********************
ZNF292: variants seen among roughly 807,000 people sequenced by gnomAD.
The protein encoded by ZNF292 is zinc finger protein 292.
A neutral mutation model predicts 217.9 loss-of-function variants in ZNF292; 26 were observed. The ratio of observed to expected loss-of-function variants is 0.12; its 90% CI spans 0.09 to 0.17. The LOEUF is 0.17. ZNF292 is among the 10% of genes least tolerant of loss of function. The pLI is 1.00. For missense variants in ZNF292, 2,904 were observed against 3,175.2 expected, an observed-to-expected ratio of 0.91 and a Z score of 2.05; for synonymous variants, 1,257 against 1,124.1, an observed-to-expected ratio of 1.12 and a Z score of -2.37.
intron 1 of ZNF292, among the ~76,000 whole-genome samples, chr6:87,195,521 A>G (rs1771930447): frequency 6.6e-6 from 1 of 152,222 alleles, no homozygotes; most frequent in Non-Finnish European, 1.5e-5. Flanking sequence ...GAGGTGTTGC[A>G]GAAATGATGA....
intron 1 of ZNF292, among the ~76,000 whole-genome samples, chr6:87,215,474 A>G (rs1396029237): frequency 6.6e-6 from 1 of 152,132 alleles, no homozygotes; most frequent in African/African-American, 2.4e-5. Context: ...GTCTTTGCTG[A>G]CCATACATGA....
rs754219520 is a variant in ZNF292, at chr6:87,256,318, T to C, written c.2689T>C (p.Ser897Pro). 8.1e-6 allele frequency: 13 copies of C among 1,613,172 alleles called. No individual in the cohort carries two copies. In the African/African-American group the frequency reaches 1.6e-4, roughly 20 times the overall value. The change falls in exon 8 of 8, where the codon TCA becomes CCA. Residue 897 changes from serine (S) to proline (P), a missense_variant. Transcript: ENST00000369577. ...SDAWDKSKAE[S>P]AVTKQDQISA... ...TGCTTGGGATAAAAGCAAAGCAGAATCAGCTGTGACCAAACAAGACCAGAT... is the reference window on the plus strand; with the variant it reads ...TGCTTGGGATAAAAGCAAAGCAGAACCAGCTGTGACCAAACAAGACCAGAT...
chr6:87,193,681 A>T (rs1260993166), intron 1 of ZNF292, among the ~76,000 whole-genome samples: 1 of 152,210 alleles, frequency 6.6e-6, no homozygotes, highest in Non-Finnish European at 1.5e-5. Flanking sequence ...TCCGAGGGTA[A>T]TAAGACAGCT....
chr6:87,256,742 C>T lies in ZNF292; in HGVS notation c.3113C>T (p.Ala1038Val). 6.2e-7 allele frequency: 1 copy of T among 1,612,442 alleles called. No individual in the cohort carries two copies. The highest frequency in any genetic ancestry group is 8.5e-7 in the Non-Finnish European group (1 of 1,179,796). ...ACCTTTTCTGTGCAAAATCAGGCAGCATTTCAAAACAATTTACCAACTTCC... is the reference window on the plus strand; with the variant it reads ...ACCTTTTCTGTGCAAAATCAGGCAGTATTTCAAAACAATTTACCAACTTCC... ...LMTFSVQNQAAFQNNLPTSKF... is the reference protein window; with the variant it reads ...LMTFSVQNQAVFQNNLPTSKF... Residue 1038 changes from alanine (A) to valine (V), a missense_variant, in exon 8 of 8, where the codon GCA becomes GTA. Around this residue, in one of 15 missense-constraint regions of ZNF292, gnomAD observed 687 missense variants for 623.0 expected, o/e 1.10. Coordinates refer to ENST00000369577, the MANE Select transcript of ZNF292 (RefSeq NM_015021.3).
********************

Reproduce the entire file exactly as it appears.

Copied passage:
ZNF292: variants seen among roughly 807,000 people sequenced by gnomAD.
The protein encoded by ZNF292 is zinc finger protein 292.
A neutral mutation model predicts 217.9 loss-of-function variants in ZNF292; 26 were observed. The ratio of observed to expected loss-of-function variants is 0.12; its 90% CI spans 0.09 to 0.17. The LOEUF is 0.17. ZNF292 is among the 10% of genes least tolerant of loss of function. The pLI is 1.00. For missense variants in ZNF292, 2,904 were observed against 3,175.2 expected, an observed-to-expected ratio of 0.91 and a Z score of 2.05; for synonymous variants, 1,257 against 1,124.1, an observed-to-expected ratio of 1.12 and a Z score of -2.37.
intron 1 of ZNF292, among the ~76,000 whole-genome samples, chr6:87,195,521 A>G (rs1771930447): frequency 6.6e-6 from 1 of 152,222 alleles, no homozygotes; most frequent in Non-Finnish European, 1.5e-5. Flanking sequence ...GAGGTGTTGC[A>G]GAAATGATGA....
intron 1 of ZNF292, among the ~76,000 whole-genome samples, chr6:87,215,474 A>G (rs1396029237): frequency 6.6e-6 from 1 of 152,132 alleles, no homozygotes; most frequent in African/African-American, 2.4e-5. Context: ...GTCTTTGCTG[A>G]CCATACATGA....
rs754219520 is a variant in ZNF292, at chr6:87,256,318, T to C, written c.2689T>C (p.Ser897Pro). 8.1e-6 allele frequency: 13 copies of C among 1,613,172 alleles called. No individual in the cohort carries two copies. In the African/African-American group the frequency reaches 1.6e-4, roughly 20 times the overall value. The change falls in exon 8 of 8, where the codon TCA becomes CCA. Residue 897 changes from serine (S) to proline (P), a missense_variant. Transcript: ENST00000369577. ...SDAWDKSKAE[S>P]AVTKQDQISA... ...TGCTTGGGATAAAAGCAAAGCAGAATCAGCTGTGACCAAACAAGACCAGAT... is the reference window on the plus strand; with the variant it reads ...TGCTTGGGATAAAAGCAAAGCAGAACCAGCTGTGACCAAACAAGACCAGAT...
chr6:87,193,681 A>T (rs1260993166), intron 1 of ZNF292, among the ~76,000 whole-genome samples: 1 of 152,210 alleles, frequency 6.6e-6, no homozygotes, highest in Non-Finnish European at 1.5e-5. Flanking sequence ...TCCGAGGGTA[A>T]TAAGACAGCT....
chr6:87,256,742 C>T lies in ZNF292; in HGVS notation c.3113C>T (p.Ala1038Val). 6.2e-7 allele frequency: 1 copy of T among 1,612,442 alleles called. No individual in the cohort carries two copies. The highest frequency in any genetic ancestry group is 8.5e-7 in the Non-Finnish European group (1 of 1,179,796). ...ACCTTTTCTGTGCAAAATCAGGCAGCATTTCAAAACAATTTACCAACTTCC... is the reference window on the plus strand; with the variant it reads ...ACCTTTTCTGTGCAAAATCAGGCAGTATTTCAAAACAATTTACCAACTTCC... ...LMTFSVQNQAAFQNNLPTSKF... is the reference protein window; with the variant it reads ...LMTFSVQNQAVFQNNLPTSKF... Residue 1038 changes from alanine (A) to valine (V), a missense_variant, in exon 8 of 8, where the codon GCA becomes GTA. Around this residue, in one of 15 missense-constraint regions of ZNF292, gnomAD observed 687 missense variants for 623.0 expected, o/e 1.10. Coordinates refer to ENST00000369577, the MANE Select transcript of ZNF292 (RefSeq NM_015021.3).